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Spokane, Washington  Est. May 19, 1883
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News >  Crime/Public Safety

Both fires at the Park Tower Apartments caused by cigarettes

May 27, 2022 Updated Fri., May 27, 2022 at 7:26 p.m.

A firetruck ladder is raised toward the ninth floor of the Park Tower apartments Thursday on Spokane Falls Boulevard in downtown Spokane.  (Garrett Cabeza / The Spokesman-Review)
A firetruck ladder is raised toward the ninth floor of the Park Tower apartments Thursday on Spokane Falls Boulevard in downtown Spokane. (Garrett Cabeza / The Spokesman-Review)

Two fires on the ninth floor of the Park Tower Apartments were caused by cigarettes, Spokane Fire Chief Brian Schaeffer said Friday.

The downtown Spokane apartment complex has caught fire twice in as many months, sending multiple people to the hospital.

The first fire on April 7 sent three people to the hospital, one with serious injuries. The fire was likely caused by smoking materials and a candle burning near the resident’s mattress, Schaeffer said.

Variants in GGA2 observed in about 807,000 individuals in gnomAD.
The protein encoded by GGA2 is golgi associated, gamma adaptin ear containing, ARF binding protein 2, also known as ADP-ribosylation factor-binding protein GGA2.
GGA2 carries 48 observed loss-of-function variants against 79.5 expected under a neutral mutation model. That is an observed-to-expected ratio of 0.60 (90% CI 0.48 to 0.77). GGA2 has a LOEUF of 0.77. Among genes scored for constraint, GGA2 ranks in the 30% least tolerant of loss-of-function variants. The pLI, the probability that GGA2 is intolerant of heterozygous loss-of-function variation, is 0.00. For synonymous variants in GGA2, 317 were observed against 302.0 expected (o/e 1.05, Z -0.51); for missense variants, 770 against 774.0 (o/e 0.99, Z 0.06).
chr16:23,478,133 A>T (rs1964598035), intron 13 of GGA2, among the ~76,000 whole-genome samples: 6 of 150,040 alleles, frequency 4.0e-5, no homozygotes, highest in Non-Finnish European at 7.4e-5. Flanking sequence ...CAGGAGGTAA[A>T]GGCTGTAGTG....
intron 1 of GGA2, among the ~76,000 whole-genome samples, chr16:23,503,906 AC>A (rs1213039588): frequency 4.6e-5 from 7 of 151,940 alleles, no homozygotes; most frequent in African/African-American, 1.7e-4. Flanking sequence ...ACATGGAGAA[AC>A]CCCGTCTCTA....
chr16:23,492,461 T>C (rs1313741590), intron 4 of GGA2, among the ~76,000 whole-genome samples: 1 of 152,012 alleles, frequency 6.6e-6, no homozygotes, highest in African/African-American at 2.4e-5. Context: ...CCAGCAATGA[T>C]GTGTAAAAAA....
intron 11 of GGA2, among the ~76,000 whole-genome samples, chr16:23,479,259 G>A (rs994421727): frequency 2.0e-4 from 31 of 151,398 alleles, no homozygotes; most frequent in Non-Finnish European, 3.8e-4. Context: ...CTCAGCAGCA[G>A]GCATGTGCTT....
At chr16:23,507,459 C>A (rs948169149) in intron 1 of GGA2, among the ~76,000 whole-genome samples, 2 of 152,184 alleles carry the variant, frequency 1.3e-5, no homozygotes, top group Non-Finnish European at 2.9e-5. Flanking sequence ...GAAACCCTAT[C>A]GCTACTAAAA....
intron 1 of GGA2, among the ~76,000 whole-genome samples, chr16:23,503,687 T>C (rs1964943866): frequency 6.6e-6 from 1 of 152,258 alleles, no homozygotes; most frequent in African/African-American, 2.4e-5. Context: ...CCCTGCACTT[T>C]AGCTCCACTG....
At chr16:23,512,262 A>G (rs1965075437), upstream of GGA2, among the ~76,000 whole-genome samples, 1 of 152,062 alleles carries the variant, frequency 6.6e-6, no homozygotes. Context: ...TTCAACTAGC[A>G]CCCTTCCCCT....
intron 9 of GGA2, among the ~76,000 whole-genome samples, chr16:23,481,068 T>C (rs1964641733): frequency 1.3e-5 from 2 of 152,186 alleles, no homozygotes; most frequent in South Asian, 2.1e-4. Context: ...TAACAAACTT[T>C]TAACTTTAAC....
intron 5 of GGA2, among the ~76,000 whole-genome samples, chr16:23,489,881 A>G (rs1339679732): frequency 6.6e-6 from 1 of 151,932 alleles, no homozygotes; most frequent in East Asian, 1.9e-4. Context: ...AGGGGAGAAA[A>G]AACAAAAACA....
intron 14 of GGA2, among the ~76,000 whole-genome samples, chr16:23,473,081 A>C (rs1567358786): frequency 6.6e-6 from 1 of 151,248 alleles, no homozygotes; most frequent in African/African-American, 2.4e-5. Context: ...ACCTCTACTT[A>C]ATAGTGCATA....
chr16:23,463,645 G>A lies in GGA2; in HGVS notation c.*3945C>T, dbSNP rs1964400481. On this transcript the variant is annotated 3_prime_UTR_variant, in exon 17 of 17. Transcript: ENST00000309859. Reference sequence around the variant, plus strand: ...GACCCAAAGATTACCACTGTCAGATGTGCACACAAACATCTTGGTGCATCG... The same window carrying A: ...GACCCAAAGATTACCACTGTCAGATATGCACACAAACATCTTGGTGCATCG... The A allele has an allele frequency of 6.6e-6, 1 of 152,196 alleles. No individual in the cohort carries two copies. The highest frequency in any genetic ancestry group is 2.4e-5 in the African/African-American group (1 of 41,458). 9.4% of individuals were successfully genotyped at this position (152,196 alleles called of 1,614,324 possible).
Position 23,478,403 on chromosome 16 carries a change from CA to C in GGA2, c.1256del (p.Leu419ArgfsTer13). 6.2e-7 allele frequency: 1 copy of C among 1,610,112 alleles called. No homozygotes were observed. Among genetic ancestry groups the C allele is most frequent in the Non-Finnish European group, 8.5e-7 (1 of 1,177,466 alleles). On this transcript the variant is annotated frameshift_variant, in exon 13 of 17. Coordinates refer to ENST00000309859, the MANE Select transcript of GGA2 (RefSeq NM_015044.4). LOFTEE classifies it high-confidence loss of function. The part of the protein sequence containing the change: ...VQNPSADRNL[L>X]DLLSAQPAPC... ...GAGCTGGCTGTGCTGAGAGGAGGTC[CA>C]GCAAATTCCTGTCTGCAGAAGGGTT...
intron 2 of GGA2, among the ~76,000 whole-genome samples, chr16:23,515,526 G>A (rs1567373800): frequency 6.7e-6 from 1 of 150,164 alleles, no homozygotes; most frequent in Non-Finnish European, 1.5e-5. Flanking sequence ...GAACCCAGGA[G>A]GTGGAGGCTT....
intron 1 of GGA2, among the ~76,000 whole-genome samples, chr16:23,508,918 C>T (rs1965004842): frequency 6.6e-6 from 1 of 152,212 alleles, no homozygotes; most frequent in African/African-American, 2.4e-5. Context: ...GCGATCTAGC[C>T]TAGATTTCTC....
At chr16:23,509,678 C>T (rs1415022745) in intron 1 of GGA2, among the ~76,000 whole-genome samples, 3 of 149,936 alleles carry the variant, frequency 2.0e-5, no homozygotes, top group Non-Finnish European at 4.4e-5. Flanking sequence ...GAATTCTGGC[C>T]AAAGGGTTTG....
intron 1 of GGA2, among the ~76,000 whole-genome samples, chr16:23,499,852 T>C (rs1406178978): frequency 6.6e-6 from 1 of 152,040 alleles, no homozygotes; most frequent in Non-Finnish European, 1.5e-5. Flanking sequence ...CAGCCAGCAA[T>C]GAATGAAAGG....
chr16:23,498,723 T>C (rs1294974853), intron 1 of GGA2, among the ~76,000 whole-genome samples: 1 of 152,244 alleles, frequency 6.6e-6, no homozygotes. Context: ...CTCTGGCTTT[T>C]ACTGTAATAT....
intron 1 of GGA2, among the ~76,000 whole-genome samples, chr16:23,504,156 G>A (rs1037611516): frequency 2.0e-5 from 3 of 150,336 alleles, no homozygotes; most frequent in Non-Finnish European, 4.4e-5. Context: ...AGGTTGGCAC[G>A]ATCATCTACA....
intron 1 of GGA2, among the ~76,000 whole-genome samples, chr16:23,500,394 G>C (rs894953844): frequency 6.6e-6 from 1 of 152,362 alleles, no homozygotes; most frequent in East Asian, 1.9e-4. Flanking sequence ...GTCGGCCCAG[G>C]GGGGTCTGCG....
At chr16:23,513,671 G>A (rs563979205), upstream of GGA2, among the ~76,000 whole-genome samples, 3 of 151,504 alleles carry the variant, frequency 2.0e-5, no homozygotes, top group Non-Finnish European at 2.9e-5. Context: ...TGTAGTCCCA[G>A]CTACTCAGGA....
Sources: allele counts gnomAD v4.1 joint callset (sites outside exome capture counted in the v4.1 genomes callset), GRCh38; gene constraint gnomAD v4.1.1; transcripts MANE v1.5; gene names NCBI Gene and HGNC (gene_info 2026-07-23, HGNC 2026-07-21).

After being evacuated, resident Carol Hart, who lives in the building with her dog, Cowboy, said she thought the cause of the fire was probably a resident smoking inside.

Many residents of the 20-story building, some on oxygen, have refused to stop smoking, making the building unsafe, Hart said.

“I don’t feel safe up there at all, and neither does Cowboy,” Hart said.

The second fire last week also was caused by a cigarette, Schaeffer said. The situation was complicated by the residents’ oxygen being on, he added.

Two people were treated in the building’s lobby and one was taken to the hospital with complications of smoke inhalation, Schaeffer said.

The tower, located at 217 W. Spokane Falls Blvd., has 184 units for residents 62 and over or those who have disabilities. The building is subsidized by the U.S. Department of Housing and Urban Development.

When reached Friday, a representative of the complex, owned by California Commercial Investment Group, declined to comment on the fires.

The danger of the fires is exacerbated by the lack of sprinklers, leaving the tower and its residents vulnerable, Schaeffer said.

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